t is easy to think of your financial platform for earning a living as a “practice” rather than a “business”. However, as discussed in a previous article for HTM there is a difference between your practice and business (Issue 4). For me, business is an exchange mechanism for goods or services. You trade time, knowledge, experience but above all, you share and communicate your qualities as a human being. Your business is, or should be, a reflection of your values, ethics and aspirations. For your business to work you have to shift from the “Yin” polarity which is intuitive, passive/receptive, responsive and reflective to a “Yang” one of being outgoing, dynamic, purposeful/focussed, grounded and active. In this article I would like to outline some of the areas that can trip you up, demotivate and ultimately derail you if you fail to take that “Yang” approach. Failure to plan Vision it, then map it out. Think in stages and figure out your initial destination, put numbers and dates into your planning and be specific and practical with this, rather than vague and visionary. Goals and plans should be SMART – specific, measurable, agreed upon, realistic and time-based. Not taking care of the money flow Set up systems to audit your finances on a regular basis... know what you are spending versus what you are receiving. Many businesses with full order books fail due to cash flow problems. Getting into debt It is easy in today’s society to purchase things on credit. Taking on loans without thorough forward planning and based on assumption which may or may not materialise, is not
good business sense. Be cautious about these things and creative to find lower cost or alternative exchange options. Tax or legal problems Have resilient, efficient recording systems, get professional advice and do things as ethically as you can. Manage this side of the business or get help if required, leaving you to focus on what lights your light.
audit your finances on a regular basis Inadequate investment of time or money, passion or thought Even when there is no money coming in, use your business time to think creatively, make contacts, network etc. In the early stages you need to build up the soil fertility so growth can take care of itself- this may mean going without and putting back, commonly known as “investing in your business”. Not evolving Work can be seen as a spiritual discipline, a path to pursue whatever philosophy or world view you have, as well a way of paying the bills. Don’t be content to be complacent – we can always evolve and grow. Standing still in an everchanging world is not really an option! Failure to grow people you work with As well as nurturing the business you need to nurture people under your wing, colleagues or employees. They need a progression path and motivation, together with decent pay and working conditions.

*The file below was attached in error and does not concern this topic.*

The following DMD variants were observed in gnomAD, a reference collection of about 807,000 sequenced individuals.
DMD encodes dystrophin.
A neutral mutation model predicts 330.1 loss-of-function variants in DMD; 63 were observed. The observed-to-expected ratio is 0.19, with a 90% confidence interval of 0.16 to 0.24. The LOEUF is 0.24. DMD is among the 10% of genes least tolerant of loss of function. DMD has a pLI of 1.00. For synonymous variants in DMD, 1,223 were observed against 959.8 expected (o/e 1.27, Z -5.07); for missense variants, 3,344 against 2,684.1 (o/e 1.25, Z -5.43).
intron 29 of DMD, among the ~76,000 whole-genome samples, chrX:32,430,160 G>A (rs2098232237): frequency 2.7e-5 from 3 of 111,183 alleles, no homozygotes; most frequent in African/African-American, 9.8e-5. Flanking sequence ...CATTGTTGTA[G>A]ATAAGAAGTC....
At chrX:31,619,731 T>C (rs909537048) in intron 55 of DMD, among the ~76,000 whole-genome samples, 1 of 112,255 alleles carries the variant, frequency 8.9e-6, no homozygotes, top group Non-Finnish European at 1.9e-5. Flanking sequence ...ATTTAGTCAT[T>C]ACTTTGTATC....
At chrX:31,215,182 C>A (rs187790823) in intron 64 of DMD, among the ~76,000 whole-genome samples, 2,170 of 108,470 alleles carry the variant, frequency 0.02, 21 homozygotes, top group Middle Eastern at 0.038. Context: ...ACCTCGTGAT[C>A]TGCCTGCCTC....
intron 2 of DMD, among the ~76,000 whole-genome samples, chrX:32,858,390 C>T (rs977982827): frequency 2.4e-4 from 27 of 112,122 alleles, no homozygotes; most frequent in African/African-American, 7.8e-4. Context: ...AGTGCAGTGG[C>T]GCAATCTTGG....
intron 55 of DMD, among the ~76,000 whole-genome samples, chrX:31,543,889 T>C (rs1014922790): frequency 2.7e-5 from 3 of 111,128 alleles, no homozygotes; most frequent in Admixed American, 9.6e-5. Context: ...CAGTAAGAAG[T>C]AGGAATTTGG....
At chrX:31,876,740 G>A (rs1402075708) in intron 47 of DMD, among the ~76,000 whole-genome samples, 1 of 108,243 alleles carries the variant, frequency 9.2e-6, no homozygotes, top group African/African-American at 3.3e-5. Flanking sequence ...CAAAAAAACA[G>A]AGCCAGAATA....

Failure to build relationships based on good communication and trust As a professional health and lifestyle advocate you have to be congruent – walk the walk don’t just talk the talk. If you don’t have good people or communication skills, work on them, and seek help if you can’t do it yourself. Your work isn’t just about you transmitting a manifesto to the eagerly expectant public and potential clients, or selling your wares, it is about how you relate and engage with the outside world, with lots of little steps, decisions, and conversations over time, where you embody and demonstrate your values. Being over-arrogant Pride comes before a fall. Having humility doesn’t mean that you are a walk over; none of us have the answer to everything. Keep your mind open, and watch out for this one – it can creep in when you are not looking and trip your business up. Attitude failure = business failure! Taking without giving back Remember to keep the chain of virtue flowing. Once you get success (whatever that means for you), find ways that you can give back and help the next generation, allowing things to evolve. In closing, I would like to reiterate the message I intone – mantra-like – whenever I get the appropriate occasion… “Never give up!” Remember why you studied your subject, and remember why you got qualified, despite obstacles you may have had to overcome. Don’t let the difficulties in the “marketplace” discourage you, rather treat these as learning opportunities and ways to be resourceful and get stronger. Trust in yourself and whatever else is important to you in life. n
holistic therapist 2013
business | NEWS
help young offenders Read how Jane Giddings has taken an innovative approach to counselling
orking with young offenders at Ashfield Young Offenders Institution, Jane Giddings has introduced the use of complementary therapies as an aid to her therapy sessions, and as a result has seen a vast improvement in the troubled teens she has set out to help. Jane incorporates traditional therapy and counselling techniques with complementary therapies such as Indian head massage, Reiki and reflexology with aims to not only relax the young people she works with but also to reduce aggression and tension and to create harmony within the session. Jane has been working with young people for over fifteen years in youth clubs, schools and secure units and with children of all ages who have a wide variation of behavioural issues for over a decade. Four years ago she also worked with the ‘Lads and Dads’ scheme funded by children’s charity Barnardo’s, showing young offenders, who are fathers, how to calm their babies by using baby massage. The main therapy technique used by Jane is Indian head massage – the results of this approach show a decline in aggressive behaviour and report that the young people feel calmer and more able to cope with daily stresses, also a reduction in adjudications, fights and bad comments were noted. Indian head massage is very successful in helping the